Nato likely to ramp up military forces on its eastern flank

Nato secretary general Stoltenberg warns Russia against using nuclear, biological or chemical weapons in Ukraine

Nato will likely decide on Thursday to ramp up military forces on its eastern flank, the head of the alliance said on Wednesday, while also warning Russia against using nuclear weapons after its February 24th invasion of Ukraine.

Nato has sharply increased its presence at the eastern border of the alliance, with some 40,000 troops spread from the Baltic to the Black Sea, and is seeking to deploy four new combat units in Bulgaria, Hungary, Romania, Slovakia.

"I expect leaders will agree to strengthen Nato's posture in all domains, with major increases in the eastern part of the alliance. On land, in the air and at sea," Nato secretary general Jens Stoltenberg told a news conference ahead of a Nato summit in Brussels on Thursday.

Russian president Vladimir Putin sent troops into Ukraine in what he calls a "special military operation" to demilitarise and "denazify" Ukraine. Ukraine and the West say Mr Putin launched an unprovoked war of aggression.

The additional multinational battlegroups come on top of four existing combat units, with a total of some 5,000 troops, deployed by Nato to the three Baltic states and Poland after Russia's annexation of Crimea in 2014.

Mr Stoltenberg said the Ukraine crisis had shown that Nato must reset its deterrence and defence posture for the longer term, an issue Nato leaders are expected to discuss at their next regular summit at the end of June in Madrid.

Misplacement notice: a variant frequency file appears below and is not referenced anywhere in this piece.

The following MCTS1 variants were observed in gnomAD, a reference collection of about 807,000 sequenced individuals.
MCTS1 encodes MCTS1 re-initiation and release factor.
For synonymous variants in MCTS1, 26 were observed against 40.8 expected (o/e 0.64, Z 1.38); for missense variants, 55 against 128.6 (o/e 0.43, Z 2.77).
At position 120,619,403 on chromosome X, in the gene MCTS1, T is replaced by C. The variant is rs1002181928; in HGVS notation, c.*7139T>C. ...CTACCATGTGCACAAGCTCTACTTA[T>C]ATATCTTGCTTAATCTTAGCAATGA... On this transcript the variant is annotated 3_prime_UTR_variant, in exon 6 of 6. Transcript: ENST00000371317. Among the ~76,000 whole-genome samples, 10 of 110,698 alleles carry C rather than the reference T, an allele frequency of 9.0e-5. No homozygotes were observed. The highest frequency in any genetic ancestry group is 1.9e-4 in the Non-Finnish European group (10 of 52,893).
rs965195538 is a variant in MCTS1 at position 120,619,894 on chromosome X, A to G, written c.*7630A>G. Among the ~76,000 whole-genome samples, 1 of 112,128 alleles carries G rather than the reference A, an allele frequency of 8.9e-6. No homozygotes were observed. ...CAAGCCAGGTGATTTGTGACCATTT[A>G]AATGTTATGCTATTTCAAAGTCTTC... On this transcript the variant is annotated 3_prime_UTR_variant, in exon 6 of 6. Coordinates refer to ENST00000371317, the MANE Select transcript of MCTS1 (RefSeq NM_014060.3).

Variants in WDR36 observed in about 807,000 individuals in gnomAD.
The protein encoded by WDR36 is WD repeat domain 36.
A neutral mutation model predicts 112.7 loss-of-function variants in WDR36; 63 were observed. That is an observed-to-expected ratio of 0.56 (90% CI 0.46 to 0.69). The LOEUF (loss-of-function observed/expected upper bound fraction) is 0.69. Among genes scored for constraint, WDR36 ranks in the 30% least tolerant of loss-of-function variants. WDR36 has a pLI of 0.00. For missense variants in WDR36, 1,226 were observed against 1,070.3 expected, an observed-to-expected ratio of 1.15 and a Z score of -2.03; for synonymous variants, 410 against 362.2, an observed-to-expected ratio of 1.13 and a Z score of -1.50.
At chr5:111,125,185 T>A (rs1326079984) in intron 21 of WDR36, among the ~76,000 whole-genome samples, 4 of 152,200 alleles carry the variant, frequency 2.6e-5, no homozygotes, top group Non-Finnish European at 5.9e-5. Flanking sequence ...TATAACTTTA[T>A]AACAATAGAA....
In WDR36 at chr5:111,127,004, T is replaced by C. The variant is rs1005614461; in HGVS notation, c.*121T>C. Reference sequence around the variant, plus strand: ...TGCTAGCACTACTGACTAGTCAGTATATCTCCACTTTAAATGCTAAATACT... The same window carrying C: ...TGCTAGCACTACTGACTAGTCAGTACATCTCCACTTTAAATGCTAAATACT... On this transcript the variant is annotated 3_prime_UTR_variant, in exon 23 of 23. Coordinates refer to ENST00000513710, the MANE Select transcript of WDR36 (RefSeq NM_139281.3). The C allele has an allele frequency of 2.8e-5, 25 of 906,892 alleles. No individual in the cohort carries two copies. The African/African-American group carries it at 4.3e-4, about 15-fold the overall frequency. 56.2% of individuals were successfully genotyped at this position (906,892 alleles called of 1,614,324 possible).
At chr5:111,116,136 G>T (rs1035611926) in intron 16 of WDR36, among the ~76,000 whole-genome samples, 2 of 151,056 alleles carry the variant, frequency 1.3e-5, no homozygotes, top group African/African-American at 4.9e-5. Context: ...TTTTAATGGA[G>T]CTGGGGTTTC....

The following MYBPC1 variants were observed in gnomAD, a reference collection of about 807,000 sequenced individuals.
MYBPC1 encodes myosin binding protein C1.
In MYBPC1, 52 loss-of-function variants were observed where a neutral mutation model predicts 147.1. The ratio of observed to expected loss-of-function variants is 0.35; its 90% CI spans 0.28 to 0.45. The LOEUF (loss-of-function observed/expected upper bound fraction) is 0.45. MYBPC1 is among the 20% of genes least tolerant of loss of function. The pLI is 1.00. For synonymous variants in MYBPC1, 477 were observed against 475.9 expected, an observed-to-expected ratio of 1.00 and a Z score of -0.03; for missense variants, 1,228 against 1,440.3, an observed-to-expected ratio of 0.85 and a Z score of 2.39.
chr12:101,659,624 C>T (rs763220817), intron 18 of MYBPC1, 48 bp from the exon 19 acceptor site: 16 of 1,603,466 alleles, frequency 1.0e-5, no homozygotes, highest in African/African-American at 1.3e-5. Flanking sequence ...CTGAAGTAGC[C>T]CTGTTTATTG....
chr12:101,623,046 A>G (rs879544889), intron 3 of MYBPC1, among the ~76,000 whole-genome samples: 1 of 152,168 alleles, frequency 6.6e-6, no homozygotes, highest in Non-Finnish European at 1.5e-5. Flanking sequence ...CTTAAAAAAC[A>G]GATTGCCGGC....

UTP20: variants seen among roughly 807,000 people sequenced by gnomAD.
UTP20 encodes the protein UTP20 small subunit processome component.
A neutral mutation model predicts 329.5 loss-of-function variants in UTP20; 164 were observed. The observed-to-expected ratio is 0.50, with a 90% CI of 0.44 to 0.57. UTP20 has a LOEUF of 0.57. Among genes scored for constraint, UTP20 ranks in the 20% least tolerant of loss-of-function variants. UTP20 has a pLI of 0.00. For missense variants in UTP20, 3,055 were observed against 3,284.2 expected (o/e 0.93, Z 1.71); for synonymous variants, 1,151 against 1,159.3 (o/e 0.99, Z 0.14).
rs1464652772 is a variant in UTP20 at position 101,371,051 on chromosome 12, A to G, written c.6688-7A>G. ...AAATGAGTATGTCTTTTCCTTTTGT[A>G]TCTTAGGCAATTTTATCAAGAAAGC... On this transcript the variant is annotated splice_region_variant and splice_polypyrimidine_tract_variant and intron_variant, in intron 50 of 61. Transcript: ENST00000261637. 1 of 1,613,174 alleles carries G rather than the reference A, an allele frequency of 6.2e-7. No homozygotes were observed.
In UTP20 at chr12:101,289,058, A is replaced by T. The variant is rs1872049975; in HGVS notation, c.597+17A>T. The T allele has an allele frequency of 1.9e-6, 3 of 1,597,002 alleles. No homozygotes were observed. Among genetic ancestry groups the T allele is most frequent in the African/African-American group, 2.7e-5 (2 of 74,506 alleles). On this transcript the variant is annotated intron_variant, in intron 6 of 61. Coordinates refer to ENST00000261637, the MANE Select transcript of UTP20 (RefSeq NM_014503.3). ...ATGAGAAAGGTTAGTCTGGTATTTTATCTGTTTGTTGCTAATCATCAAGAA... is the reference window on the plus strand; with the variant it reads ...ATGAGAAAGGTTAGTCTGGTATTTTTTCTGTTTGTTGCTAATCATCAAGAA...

“There is a new sense of urgency because we cannot take peace for granted,” he told reporters.

Additional aid

Nato leaders are also set to agree additional aid for Kyiv, according to Mr Stoltenberg, including equipment to help Ukraine protect against chemical, biological, radiological and nuclear threats.

He warned Russia against using nuclear, biological or chemical weapons in Ukraine, while stressing Nato’s readiness to “protect and defend allies against any threat any time”.

“Russia should stop this dangerous irresponsible nuclear rhetoric...Russia must understand that it can never win a nuclear war,” he said, adding that any use of biological or chemical weapons would have “far-reaching consequences”.

Mr Stoltenberg also called on China to condemn Russia's war in Ukraine, and to not provide "material support" for Moscow.

China has not condemned Russia's invasion, though it has expressed concern about the war. Chinese vice-foreign minister Le Yucheng said on Saturday that Western sanctions against Russia were getting "more and more outrageous".

"For Nato it is of particular concern that China now, for the first time, has questioned some of the key principles for security, including the right for every nation in Europe to choose his own path," Mr Stoltenburg said.

In a show of Western unity against the war in Ukraine, Brussels will also host a G7 and an EU summit on Thursday.

Greater risks

In a separate development on Wednesday, a US general warned that Nato must face a Russian adversary that is more unpredictable and ready to take greater risks to project power in Europe.

Speaking during Nato exercises in Norway, Gen David Berger, commandant of the US Marines Corps, said studying Russian capabilities and military doctrine was no longer enough.

He said Russia's invasion of Ukraine had jolted analysts' assumptions that Mr Putin would always take calibrated risks, use limited ground forces and find diplomatic exit strategies, as he did in his 2014 annexation of Crimea and his intervention in Syria from 2015.

“I think the lesson learned here is you can’t predict what a dictator might do,” he said of Mr Putin.– Reuters

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